Chris had to go to Japan recently to help out with his deathly ill grandmother. He brought his new Verizon iPhone4 with him. While he was there, Verizon pushed a series of updates to his phone, and that racked up over $600 in global roaming charges. When he called customer service, they told him the charges were valid and nothing could be done. He couldn’t even get retroactively added to an international plan as Verizon says they don’t have one anymore that covers Asia/Japan.
show us your verizon face
Yowza! David’s eyes popped out his head when he saw his $7,865.84 bill from Verizon.
Reader David has been trying to get his Verizon FiOS installed and running for 35 days now. He’s escalated his complaint to the highest level and it seems that Verizon is simply powerless to fix the problem. We’d ordinarily suggest he cancel and use another company — but he’s locked into Verizon by his homeowner’s association. Even if he doesn’t use it (and currently, since it’s not working, he’s not using it) he has to pay for it.
As a followup to the people who complained about not getting their free TV from the FiOS triple play promotion, I saw that they changed their commercials. Instead of advertising a free Sharp 19-inch LCD HDTV, they’re now saying that you’ll get a free digital camcorder when you order your triple-play bundle. They must really be having problem fulfilling those orders. According to sometimes broken Verizon PolicyBlog, every one who qualified for a TV will get one, you just have to have patience and give Verizon a break; their TV-giving division just isn’t as advanced as their money-taking division.
Verizon has posted a Q&A that tries to address some of the concerns their customers were having over an LCD TV promotion that’s gone awry.
Reader Mary says that she ordered Verizon FiOS during the “free LCD TV” promotion they were running, but she still hasn’t received the letter she needs in order to start the rebate process.
When I pulled into my apartment complex last night I remember that I had a package waiting for me at my office. I passed a guy in a red coat who was exiting the office and didn’t think anything of it. I got my package (a great little xmas tree my mother sent my gf and I) and walked over to my building to see the man in the red coat standing at the door to the building. I approached and asked him if he needed to be let in and he said “Yeah, I can’t figure out how to call apartment 211 on this thing. I’m with Verizon, I need to fix her fiber line.”
One day after work I pull into my apartment complex and notice that there are quite a few Verizon trucks and vans parked outside of our apartment office accompanied with “SIGN UP FOR FiOS TODAY” signs plastered just about everywhere you can see. At first I shrugged this off because I am not, and have never been, a fan of Verizon. Then my girlfriend gets home and suggests we at least check it out. So we go over to the little reception they are having and talked to a nice girl about the speeds of their FiOS internet (which is what I was interested in) and the HD TV (what my girlfriend was interested in).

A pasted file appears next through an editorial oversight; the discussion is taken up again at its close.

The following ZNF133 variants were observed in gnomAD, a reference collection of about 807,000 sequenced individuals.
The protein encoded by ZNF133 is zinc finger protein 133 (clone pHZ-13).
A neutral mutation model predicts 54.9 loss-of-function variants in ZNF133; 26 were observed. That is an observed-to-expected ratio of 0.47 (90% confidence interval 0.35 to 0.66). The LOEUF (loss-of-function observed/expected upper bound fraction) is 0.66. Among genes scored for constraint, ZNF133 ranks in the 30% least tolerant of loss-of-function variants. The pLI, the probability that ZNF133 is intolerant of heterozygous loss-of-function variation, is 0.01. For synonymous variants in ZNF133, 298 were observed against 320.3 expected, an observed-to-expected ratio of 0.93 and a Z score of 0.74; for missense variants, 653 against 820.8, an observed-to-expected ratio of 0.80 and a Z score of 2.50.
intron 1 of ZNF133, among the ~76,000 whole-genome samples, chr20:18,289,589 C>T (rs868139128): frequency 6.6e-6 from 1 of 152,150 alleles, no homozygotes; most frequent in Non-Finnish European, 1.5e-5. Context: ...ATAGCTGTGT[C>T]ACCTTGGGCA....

Vonage’s appeal was rejected by a U.S. appeals court, and so troubled VOIP provider Vonage will have to pay $117.5 million to Verizon as punishment for infringing their patents. In addition, Vonage will be required to donate 2.5 million to charity. Ouch, ouch, ouch.
According to NY Attorney General Andrew Cuomo, Verizon Wireless has agreed to reimburse $1 million to customers for wrongful account termination after falsely advertising their wireless plans as “unlimited,” when in fact the company sets limits and terminates the accounts of heavy users.
Earl says that Verizon harassed him for 3 months trying to get his business to switch their phone service to FiOS. When he finally agreed, Verizon never showed up to install it. And then they cut his phone service off completely.
The SCC’s communications division has recommended that Verizon Virginia and Verizon South pay a related fine of $17.5 million — an estimate of the sum Verizon saved by not responding quickly to customer complaints of “land line” phone outages.
Verizon Installs FiOS, Won't Tell You Your Account Number, Keep Charging An Unauthorized Credit Card
Dan ordered Verizon FiOS and used a credit card to pay for the installation. He told the CSR specifically he didn’t want his monthly bill to be debited from this credit card. Guess what Verizon is doing?
According to Verizon, being held to a high standard is unfair.
Verizon will get a chance at the end of September to argue to Virginia state regulators that the state’s dominant phone company should be held to a lower standard for restoring lost phone service.